Laurel L. Russwurm's Free Culture Blog

a writer, the copyfight and internet freedom

Napster on Bill C-11

with 2 comments

Canadian DMCA logo

The rest of the world calls it DRM (Digital Rights Management)

The Canadian government is partial to the term TPM (Technical Protection Measures).

Michael Geist has popularized and may even have coined the phrase digital locks to put a face on the concept, so that ordinary Canadian consumers without law degrees might better understand the copyright law — Bill C-11 — that will change the world on us.

No matter what you call them, these third party locks (what Russell McOrmond calls them) are bad enough for consumers all on their own. The most serious problem with Bill C-11 is that circumventing these things, no matter what you call them, will become illegal.

Even if circumventing them ~ breaking the lock ~ is to do something that is perfectly legal. Like watching the DVD you bought. Or listening to the music file you downloaded. Which is why Napster is shutting down Canadian operations — because of Bill C-11.

graphic cat with headphones beside text that reads Napster is the company Logo

These downloads are DRM-encoded WMA files and can be backed up by burning them to audio CDs. Doing this will allow you access to your music on any CD player and generally have a maintenance free permanent copy. If you do not back up your purchased Napster music downloads by burning them to CD and you later change or reinstall your computer’s operating system, have a system failure or experience DRM corruption, then the downloads will stop playing and you will permanently lose access to them.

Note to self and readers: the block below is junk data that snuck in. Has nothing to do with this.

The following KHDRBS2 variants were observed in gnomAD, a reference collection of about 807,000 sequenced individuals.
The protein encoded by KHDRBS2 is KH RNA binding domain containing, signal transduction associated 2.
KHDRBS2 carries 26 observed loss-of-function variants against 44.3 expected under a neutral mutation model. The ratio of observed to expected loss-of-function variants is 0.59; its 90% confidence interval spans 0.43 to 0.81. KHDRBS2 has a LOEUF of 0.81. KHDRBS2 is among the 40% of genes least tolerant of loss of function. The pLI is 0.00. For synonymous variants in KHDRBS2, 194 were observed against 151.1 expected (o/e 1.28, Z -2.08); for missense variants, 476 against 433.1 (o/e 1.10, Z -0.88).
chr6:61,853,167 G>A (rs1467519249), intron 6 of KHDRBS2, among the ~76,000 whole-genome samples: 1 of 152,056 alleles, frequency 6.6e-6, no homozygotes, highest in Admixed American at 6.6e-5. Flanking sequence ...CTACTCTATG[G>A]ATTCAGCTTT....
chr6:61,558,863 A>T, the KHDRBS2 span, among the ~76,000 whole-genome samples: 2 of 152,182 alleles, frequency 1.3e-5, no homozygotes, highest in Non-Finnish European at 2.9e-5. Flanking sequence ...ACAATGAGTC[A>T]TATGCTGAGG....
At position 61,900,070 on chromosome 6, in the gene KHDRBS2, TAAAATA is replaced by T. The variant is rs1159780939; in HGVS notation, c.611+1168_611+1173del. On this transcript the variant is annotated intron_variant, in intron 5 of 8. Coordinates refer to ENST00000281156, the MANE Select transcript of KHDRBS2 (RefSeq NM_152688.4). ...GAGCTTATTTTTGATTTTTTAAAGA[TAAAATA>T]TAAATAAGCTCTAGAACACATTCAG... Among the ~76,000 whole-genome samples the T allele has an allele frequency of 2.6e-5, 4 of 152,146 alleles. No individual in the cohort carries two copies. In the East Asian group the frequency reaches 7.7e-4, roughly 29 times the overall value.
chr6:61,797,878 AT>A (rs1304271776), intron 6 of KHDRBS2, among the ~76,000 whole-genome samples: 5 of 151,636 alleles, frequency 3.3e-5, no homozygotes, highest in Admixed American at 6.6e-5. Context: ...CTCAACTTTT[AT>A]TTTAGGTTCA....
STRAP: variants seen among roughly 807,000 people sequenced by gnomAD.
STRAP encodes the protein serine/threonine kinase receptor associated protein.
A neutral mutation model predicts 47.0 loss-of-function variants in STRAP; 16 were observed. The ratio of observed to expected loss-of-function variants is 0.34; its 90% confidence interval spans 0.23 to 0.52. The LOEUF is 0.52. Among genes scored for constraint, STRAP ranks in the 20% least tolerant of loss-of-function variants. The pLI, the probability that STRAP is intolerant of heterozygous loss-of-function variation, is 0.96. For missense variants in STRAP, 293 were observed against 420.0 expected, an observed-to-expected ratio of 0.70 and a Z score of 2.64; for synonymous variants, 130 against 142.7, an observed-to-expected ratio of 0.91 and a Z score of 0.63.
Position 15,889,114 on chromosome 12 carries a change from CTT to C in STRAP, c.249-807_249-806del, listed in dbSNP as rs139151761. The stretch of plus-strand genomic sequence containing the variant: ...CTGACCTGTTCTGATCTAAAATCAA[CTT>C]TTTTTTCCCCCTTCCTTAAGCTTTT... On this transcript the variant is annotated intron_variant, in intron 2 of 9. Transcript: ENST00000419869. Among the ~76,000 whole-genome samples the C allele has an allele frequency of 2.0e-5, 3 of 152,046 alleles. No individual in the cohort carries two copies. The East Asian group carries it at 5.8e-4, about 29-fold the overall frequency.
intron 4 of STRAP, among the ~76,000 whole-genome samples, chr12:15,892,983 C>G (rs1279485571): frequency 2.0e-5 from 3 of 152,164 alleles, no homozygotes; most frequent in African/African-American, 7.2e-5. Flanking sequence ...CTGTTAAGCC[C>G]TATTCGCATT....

Napster Canada Shutting Down – New Memberships and Subscriber Renewals Discontinued

In Canada, it is not illegal to circumvent a padlock. If I put a padlock on my shed, and it rusts out, it is perfectly legal to take bolt cutters and cut the lock off.

Because the defective padlock is preventing my legal right to access my own stuff.

It is not legal for me to do the same to my neighbor’s padlock. If I were to lop off his padlock to gain access to the contents of his shed, there are hosts of criminal charges that can be brought against me.

Bill C-11 will make it illegal for Canadians to access our own stuff.

Written by Laurel L. Russwurm

November 28, 2011 at 11:36 am

Posted in Uncategorized

2 Responses

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  1. […] Napster on Bill C-11 […]

  2. Ah. You must have missed that part.

    Barry Sookman, a lobbyist for Music Canada aka the Canadian Recording Industry Association appears to have invented the term. My suspicion is that they wanted to avoid the negative implications of Digital Restrictions Management.

    I think we need to work on an alternative set of words for “TPM.”

    Wayne

    Wayne Borean

    November 28, 2011 at 8:36 pm


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